Ranking is something coaster enthusiasts do all the time without putting much thought into. And I’m guilty of that too. I’ve slapped numeric ratings on rides constantly without worrying about rating inflation and consistency or stepping back and thinking about what exactly makes a 70/100 ride so instead of a 50/100 ride. This will keep my ratings more objective and something that hopefully I can use to automatically generate a top 10 list.
I’m still working on how exactly to rank coasters considering that so many different rides do different things. The goal of Kumba is not the goal of Diamondback and my ratings should not penalize the rides for not doing something that they’re not designed to do.
But in the meantime, I’ve come up with what I think is a more objective way to rank Halloween haunts. The following is my criteria for rating haunts:
Haunt Rating Criteria
My criteria is made up of five parts: concept, production value, scare potential, my luck going through the maze and a bonus category for anything that I particularly liked about the house.
The first part of my rating is around concept. In my eyes, the concept that the maze is based on is the foundational aspect of the experience. This includes factors like scare potential, the amount that an IP lends itself to a haunt as well as originality. If a haunt is based on a generic circus with evil clowns, it will probably score low on originality since the concept has been done so many times. On the other hand, if a maze is based on something never or rarely done before it will likely score highly in this segment.
This rating is out of 5 points.
The second part of my rating is production value of the maze. This measures, in a vacuum, how impressive or well done is the maze. If we’re evaluating that same generic evil clown circus, how realistic and well done are the sets? Cheap painted plywood and ratty looking costumes will score low here whereas huge or well detailed set pieces will score highly.
This rating is out of 10 points.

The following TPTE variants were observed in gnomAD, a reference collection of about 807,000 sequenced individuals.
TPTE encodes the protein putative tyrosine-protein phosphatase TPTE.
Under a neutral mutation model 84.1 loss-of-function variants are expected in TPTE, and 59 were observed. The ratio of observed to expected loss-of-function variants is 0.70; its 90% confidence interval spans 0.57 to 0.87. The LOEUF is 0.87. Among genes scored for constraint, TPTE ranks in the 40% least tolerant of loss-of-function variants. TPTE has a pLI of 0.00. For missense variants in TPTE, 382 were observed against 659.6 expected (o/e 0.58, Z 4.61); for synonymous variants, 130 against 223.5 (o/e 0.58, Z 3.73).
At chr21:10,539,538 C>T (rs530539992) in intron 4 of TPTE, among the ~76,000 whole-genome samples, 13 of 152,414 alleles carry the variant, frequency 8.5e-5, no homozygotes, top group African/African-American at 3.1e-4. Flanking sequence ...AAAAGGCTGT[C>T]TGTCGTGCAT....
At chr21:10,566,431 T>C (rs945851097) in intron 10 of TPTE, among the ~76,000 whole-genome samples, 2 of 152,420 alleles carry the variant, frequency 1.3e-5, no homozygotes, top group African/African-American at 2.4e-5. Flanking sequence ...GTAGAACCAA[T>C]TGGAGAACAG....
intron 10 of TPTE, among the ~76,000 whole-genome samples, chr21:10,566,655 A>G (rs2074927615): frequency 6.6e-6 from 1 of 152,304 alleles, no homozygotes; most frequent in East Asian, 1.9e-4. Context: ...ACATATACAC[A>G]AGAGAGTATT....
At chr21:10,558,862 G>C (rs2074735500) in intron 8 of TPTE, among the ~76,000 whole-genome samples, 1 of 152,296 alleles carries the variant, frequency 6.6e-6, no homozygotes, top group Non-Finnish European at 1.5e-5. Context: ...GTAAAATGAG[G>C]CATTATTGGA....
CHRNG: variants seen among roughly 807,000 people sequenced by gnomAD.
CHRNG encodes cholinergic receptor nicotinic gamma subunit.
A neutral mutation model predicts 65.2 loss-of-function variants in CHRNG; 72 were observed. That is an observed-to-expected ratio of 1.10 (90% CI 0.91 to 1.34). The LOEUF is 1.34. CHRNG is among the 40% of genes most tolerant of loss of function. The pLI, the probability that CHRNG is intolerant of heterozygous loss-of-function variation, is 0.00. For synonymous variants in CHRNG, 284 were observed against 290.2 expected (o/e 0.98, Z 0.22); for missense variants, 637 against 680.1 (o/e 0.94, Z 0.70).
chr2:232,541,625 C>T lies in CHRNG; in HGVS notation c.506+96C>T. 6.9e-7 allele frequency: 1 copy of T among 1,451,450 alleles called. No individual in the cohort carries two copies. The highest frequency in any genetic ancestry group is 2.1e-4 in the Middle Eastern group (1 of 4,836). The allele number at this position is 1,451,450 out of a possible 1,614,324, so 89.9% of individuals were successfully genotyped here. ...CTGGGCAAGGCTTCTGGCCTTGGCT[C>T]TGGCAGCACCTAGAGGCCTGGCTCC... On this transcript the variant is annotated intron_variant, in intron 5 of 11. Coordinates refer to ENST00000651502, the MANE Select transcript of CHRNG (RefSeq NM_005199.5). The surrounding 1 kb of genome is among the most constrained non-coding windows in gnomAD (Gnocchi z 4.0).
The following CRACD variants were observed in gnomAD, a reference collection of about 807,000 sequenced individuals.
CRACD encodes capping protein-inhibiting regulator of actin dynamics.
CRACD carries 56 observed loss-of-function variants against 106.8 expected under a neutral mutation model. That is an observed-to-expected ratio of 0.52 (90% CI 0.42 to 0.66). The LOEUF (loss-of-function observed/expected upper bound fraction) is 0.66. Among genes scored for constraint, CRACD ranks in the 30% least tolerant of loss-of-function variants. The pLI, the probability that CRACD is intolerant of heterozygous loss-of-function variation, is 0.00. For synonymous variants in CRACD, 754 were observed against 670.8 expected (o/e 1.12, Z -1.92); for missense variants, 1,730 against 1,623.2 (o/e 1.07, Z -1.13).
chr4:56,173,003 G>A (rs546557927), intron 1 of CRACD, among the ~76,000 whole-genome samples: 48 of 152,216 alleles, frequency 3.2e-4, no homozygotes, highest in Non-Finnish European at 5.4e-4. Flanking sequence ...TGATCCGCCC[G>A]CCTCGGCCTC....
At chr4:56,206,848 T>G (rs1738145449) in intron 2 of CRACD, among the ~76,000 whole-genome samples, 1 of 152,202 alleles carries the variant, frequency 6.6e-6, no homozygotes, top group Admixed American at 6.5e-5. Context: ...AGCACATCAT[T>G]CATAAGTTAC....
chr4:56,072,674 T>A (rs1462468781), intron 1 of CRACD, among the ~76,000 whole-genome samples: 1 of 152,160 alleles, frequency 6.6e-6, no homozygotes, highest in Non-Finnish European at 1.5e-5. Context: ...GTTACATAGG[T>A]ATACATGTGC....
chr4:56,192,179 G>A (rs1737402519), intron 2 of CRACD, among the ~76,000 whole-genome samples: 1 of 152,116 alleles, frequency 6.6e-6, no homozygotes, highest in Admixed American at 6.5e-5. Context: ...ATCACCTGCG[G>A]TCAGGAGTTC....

The third aspect of my rating is around scare potential. This is just a convoluted way to say, what are the quality and quantity of the scares that the maze provides and how varied are they. Are there three actors in a huge maze and they all rely on the same jump scare tactics? That’ll be a low rating. The house feeling full and a variety of types of scares (jump scares, creepy moments and gore) will give a maze a great score here.
This rating is out of 10 points.
The fourth aspect of my rating is how well my particular run through the house went. Although I’m hesitant to include something like this due to the fact that maze experiences vary a ton from run to run, I do need to include something that summarizes my experience through the house since this is my rating. A run that gets all of the scares that really creeped me out will get high marks here whereas a run through with little to no scares and lackluster actors will get low marks.
This rating is out of 15 points.
Finally, my last category is one for rewarding amazing houses. A perfectly average house will get no bonus points here whereas an exceptional one will get anywhere from 1 to 5 bonus points depending on how I feel about it.
This is out of 5 points.
So my haunts will be rated out of 45 possible points. The following are
40+/45 - World class, top of the line haunts that represent the best I’ve ever been on
35-39/45 - Usually the best haunts that appear at a top flight event in a given year
30-34/45 - Very good haunt at a top flight event/top haunt at a regional event
25-29/45 - Good but fundamentally flawed haunt - most things about this haunt are very good but there’s usually one category that drags this down
20-24/45 - Mediocre haunt
0-20/45 - Flawed haunt